The officer’s missive, dated 22 June from “Puebla de Los Angelos,” noted that the situation was quiet since Kearney departed for the east, where he would seek Fremont’s court-martial. The writer noted “the country now, as then, is perfectly tranquil . . . some of the Californians who left their homes for Sonora, are returning here . . .” He reported that they said that conditions in Northern Mexico were “deplorable” and added they returned “from a conviction that they will be sure of a permanent and good Government under the American flag” and that no aid would be coming from Mexico.
Also of note is the statement that:
We have now at this post nearly completed, a strong fortress. It has been erected by the troops, on a hill that commands the town and the surrounding country. This, of course, will effectually suppress any attempt at insurrection, as every effort must inevitably involve all engaged in it, a common calamity.
The reference here was to the construction of Fort Moore on the hill to the west overlooking the Plaza, the center of pre-American Los Angeles.
Meanwhile, a large force of Mormon volunteers marched down from Utah and arrived just after the cessation of hostilities following the aforementioned Battle of Los Angeles, but these troops remained there and at San Diego for a brief period. The 360 men, however, were due to mustered out in mid-July and the writer expressed the hope that they would reenlist for another year “for they are an orderly, quiet and peaceable set of men, submitting without resistance or a murmur, to the severest discipline, and altogether a most useful and efficient body of men.”
As for the writer’s own New York Volunteers, he observed that they “were now very much scattered through California and in Baja, as well.” He noted that “they will dearly earn all they receive from the Government” and that their service showed that “the hand of American industry and enterprise is plainly to be seen wherever our troops are stationed.”
Bricks were made to build ovens and chimneys, sawmills were constructed, and wooden houses erected. Watch and clock repair, the making of clothing, leather working into boots and shoes and meat prepared as if in New York were also emphasized. This last point even, it was said, affected the natives who previously were “in the habit of slaughtering a bullock in the streets,” but were “patronizing the New York butchers.” This missive concluded with the note that “all can do well here who choose to help themselves and become useful.”
Finally, there was a short article about what was prophesied in the above letter from mid-May: the court-martial of John C. Fremont. When written, the piece observed that the trial had gone on for ten days and “we can yet see no prospect of its termination.” Some attention was paid to testimony of Kearney, but “the trial so far, in our opinion, has developed more of the farcical than the tragic.”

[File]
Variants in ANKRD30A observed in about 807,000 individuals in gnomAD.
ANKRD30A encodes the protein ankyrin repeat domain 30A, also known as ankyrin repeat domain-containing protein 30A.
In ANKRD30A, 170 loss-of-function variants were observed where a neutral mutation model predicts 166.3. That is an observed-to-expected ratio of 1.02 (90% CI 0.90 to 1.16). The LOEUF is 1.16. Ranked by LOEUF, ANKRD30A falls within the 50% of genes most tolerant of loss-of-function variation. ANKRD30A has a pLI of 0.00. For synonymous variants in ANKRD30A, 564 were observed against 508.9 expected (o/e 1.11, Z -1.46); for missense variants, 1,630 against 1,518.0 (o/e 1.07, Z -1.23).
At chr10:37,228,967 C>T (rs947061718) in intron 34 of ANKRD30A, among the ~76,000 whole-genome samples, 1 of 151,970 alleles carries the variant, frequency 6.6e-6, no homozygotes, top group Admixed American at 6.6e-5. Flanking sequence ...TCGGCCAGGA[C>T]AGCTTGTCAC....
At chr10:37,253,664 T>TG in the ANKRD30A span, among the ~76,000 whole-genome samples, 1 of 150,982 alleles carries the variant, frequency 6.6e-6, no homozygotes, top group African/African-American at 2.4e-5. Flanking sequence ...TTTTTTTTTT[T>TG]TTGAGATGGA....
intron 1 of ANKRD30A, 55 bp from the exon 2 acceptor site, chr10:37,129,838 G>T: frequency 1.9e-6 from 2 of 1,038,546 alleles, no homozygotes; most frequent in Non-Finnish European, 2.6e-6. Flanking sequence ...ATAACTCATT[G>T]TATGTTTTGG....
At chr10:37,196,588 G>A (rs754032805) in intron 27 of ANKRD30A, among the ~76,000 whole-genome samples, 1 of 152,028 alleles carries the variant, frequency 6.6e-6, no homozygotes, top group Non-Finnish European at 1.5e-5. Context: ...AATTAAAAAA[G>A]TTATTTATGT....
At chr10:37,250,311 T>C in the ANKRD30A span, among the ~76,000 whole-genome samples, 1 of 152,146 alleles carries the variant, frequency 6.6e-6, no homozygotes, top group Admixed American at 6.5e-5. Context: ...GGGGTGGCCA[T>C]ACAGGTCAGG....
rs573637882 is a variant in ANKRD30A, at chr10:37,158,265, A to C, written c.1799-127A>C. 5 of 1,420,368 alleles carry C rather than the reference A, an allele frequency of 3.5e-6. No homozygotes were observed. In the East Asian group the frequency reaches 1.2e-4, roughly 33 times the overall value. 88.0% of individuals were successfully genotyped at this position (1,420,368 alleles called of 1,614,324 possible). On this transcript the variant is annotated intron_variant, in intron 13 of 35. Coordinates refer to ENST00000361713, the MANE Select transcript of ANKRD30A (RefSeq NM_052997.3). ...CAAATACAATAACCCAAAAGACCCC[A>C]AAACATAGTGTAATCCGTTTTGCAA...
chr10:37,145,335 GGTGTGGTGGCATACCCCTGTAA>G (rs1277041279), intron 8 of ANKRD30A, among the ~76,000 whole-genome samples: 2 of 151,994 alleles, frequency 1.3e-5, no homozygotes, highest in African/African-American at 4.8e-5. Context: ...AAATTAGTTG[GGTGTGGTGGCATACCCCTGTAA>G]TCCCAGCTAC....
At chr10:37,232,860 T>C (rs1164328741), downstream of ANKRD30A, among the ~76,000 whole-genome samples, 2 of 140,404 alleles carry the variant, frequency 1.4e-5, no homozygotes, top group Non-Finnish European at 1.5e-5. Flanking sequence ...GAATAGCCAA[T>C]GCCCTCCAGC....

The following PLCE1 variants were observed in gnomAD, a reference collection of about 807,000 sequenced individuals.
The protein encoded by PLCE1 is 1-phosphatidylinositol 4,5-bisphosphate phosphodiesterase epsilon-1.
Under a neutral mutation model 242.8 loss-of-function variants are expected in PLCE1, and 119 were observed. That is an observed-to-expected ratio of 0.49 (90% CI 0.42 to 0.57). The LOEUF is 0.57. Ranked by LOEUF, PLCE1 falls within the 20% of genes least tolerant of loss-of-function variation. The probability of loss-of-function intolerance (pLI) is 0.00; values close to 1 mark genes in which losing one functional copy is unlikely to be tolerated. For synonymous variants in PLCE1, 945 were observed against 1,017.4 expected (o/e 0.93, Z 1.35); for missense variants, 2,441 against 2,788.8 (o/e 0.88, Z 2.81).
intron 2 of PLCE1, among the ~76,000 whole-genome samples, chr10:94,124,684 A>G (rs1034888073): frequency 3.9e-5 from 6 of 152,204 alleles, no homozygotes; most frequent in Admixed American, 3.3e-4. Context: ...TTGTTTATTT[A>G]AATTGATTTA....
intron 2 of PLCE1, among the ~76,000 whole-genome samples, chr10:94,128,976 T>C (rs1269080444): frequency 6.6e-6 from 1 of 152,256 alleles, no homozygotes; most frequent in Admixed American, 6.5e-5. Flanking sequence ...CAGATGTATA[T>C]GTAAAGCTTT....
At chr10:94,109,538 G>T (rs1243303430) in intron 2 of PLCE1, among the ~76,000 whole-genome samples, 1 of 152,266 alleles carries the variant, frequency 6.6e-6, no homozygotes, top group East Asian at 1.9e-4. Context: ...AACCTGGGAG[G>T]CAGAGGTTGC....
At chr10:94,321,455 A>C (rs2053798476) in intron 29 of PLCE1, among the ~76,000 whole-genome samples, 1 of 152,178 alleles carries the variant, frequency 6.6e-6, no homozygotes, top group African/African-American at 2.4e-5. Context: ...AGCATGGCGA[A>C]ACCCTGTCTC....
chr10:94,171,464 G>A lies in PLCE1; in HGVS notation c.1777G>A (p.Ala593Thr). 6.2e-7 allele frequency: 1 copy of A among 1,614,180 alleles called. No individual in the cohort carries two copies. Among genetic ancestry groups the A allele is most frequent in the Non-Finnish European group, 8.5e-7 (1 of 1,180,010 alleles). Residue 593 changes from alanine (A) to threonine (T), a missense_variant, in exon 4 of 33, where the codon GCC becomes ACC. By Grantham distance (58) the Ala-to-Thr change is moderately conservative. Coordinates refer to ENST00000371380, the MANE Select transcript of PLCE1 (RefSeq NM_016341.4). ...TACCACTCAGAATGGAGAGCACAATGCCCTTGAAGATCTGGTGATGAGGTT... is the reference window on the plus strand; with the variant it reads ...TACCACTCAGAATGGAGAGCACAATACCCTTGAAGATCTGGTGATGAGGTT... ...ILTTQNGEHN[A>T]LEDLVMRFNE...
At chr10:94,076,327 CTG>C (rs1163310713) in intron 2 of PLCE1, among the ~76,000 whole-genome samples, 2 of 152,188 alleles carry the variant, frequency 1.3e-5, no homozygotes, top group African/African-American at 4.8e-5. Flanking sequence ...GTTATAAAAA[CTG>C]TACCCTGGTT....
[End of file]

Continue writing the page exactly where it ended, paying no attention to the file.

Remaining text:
To the reporter, there was more of the “ridiculous” than the “solemn,” due less to the witnesses and their character and veracity than “to the transactions they are called upon to testify to.” It was expected that when Commodore Stockton returned east and testified, it “will scarcely lend the proceedings a graver aspect.”
The writer’s impression was that either Frémont would be acquitted or that, “if found guilty, [he] will receive pardon of the President [James K. Polk], who might be unwilling to punish an otherwise well-deserving officer for technical or even substantial irregularities.” It was not expected that Polk, given his penchant for independence in action, would be influenced by Frémont’s powerful father-in-law, Senator Benton.
Still, the article concluded with a pertinent question:
In the meantime, as Gen. Kearney, Com. Stockton and Lt. Col. Fremont are all in Washington, attending to this little personal affair, what becomes of California, of which each has been—and for aught we know to the contrary all at the same time—Governor?
Fremont was, among other charges, being tried for issuing an I.O.U. to F.P.F. Temple for the purchase by the federal government of Alcatraz Island, which was granted to William Workman by Pío Pico in 1846 just before the outbreak of the war in California and then transferred by Workman to his son-in-law. The controversial Frémont was, indeed, court-martialed at the end of January 1848 for misconduct and disobeying a superior officer.
Polk, though approving of the court’s decision, commuted the sentence of a dishonorable discharge and reinstated Frémont’s commission in the Army. Dissatisfied with Polk’s partial pardon, however, Frémont resigned and moved to California, where he obtained a large ranch, served as one of the new state’s first senators and ran a failed presidential campaign in 1856 under the newly created Republican Party.
This issue of the New York Tribune provides some fascinating contemporary glimpses into some of the issues confronting California in the months following the end of the Mexican-American War there and just prior to the Treaty of Guadalupe Hidalgo and the discovery that launched the Gold Rush.